Friday, November 9, 2007

Multipolarity: An End to US Hegemony??

I posted this a few months ago at Everybody Comes from Somewhere. Lately I've been thinking it sums up the only place I see much hope these days.

A few months ago I ran across this quote from Glen Ford on The Black Agenda Report:

There's a term going around in the corporate media called, "multi-polarity." It's really a euphemism, designed to describe the death of white supremacy over the planet. It's been a long time coming - more than five centuries, since the European invasion of the rest of the continents began, resulting in the death of untold millions of people. Whole civilizations were wiped away, to make way for a northern European global sphere of influence. Now that era is coming to an end.<...>

China, India, Brazil and South Africa have joined in a political and economic compact to resist the domination of the United States and Europe. The political-economy of capitalism dictates that these nations must be dealt with. The social realities of the United States dictate that it cannot raise a military force sufficient to suppress the dark masses. Europe learned this lesson a generation ago. Now it is time for the white supremacist Americans to learn the same lesson: they cannot rule the world.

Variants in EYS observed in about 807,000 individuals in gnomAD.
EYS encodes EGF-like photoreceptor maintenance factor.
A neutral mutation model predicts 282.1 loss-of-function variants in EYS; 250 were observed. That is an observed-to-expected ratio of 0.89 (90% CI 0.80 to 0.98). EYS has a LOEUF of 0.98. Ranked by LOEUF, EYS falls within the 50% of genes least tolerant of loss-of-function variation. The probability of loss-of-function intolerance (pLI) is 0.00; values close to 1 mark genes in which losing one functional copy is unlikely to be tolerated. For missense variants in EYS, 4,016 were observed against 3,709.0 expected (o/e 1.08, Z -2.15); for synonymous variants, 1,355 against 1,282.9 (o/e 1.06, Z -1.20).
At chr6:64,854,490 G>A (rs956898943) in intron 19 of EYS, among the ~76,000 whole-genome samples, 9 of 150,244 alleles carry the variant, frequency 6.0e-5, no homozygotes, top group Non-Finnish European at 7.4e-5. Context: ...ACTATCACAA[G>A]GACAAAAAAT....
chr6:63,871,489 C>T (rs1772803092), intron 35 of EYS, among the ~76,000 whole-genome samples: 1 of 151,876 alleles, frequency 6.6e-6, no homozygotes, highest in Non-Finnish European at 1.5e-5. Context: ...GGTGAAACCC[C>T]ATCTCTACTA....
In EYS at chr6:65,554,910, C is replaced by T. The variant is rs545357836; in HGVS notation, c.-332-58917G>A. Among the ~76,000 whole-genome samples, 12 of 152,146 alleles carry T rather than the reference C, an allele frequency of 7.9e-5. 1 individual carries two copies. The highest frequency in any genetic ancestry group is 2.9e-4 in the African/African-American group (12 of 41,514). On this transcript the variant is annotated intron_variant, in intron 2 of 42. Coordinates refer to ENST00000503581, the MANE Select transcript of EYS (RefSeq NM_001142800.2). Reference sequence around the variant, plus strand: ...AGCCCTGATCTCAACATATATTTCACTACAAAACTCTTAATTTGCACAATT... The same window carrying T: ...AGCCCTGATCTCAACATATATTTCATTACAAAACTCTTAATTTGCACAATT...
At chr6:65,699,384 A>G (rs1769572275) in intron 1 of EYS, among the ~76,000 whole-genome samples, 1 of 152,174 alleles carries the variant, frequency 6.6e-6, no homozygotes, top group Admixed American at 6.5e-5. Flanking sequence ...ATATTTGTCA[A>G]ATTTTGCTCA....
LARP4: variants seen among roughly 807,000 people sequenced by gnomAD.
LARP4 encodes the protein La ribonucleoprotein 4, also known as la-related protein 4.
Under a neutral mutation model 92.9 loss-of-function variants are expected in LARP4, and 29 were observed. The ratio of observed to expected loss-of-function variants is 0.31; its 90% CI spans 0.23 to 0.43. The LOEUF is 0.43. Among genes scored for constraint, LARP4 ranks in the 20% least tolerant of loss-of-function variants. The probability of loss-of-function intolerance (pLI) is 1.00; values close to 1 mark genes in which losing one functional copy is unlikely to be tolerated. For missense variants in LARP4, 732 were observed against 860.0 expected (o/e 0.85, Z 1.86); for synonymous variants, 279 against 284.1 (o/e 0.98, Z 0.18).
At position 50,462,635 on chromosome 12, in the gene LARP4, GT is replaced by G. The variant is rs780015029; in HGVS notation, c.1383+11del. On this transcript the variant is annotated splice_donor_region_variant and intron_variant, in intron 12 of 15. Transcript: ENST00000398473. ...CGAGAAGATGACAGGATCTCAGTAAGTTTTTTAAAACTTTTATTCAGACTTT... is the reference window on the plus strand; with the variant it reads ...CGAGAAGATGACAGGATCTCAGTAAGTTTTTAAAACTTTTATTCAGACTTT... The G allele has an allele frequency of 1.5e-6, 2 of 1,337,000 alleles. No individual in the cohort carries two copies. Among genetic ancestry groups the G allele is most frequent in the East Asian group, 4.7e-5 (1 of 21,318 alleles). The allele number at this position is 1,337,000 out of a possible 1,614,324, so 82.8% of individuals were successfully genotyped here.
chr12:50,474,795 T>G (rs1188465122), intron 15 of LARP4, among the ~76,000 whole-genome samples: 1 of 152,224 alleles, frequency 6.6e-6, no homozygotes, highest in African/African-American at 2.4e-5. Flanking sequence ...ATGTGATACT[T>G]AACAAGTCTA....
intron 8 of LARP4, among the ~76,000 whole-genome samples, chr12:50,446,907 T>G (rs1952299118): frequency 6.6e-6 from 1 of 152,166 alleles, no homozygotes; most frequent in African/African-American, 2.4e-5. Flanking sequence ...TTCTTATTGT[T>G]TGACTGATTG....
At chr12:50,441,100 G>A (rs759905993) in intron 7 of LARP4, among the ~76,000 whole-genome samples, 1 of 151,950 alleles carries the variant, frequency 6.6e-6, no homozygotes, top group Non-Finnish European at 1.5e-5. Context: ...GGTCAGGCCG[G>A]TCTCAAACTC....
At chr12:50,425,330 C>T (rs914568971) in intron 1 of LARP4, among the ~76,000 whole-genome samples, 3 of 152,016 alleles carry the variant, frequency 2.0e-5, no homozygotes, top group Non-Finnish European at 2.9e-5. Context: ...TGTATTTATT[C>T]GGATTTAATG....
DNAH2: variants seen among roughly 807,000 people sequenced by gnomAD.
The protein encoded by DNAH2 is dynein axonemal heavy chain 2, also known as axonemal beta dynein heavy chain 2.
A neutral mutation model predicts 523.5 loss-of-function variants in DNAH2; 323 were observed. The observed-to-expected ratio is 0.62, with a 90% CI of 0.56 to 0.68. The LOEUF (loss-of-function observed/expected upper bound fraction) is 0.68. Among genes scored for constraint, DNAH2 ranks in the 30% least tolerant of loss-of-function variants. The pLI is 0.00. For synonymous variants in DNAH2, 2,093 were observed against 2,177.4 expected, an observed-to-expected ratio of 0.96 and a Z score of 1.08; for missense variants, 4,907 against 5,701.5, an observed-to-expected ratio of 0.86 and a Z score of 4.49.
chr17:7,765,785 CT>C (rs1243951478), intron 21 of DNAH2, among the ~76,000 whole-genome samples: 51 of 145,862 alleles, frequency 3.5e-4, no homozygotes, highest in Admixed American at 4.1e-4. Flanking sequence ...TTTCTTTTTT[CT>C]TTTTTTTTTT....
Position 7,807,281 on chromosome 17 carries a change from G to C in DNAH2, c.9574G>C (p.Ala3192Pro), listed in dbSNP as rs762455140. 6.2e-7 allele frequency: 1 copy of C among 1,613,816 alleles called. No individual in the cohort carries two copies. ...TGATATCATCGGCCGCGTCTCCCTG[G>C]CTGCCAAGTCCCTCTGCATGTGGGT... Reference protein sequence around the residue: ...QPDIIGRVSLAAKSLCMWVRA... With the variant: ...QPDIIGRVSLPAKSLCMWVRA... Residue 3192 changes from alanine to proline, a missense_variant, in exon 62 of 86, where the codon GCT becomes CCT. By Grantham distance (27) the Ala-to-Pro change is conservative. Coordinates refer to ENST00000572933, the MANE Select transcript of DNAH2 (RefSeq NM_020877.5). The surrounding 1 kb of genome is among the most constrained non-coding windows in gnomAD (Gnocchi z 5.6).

This sounds interesting. I wanted to learn more about "multi-polarity," so I did just a little bit of research. Turns out it is actually a concept that was developed by Jacques Chirac several years ago. Here's how wikipedia defines it:

Multipolarity in international politics describes a distribution of power in which more than two nation-states have nearly equal amounts of military, cultural, and economic influence.

What I found is that, while this concept might be being discussed in the corporate media, we certainly haven't heard much about it - but the rest of the world is talking about it quite a bit. I'd like to share a couple of examples with you.

Here's an example from The Asian Times in an article by Michael Weinstein from June 2004.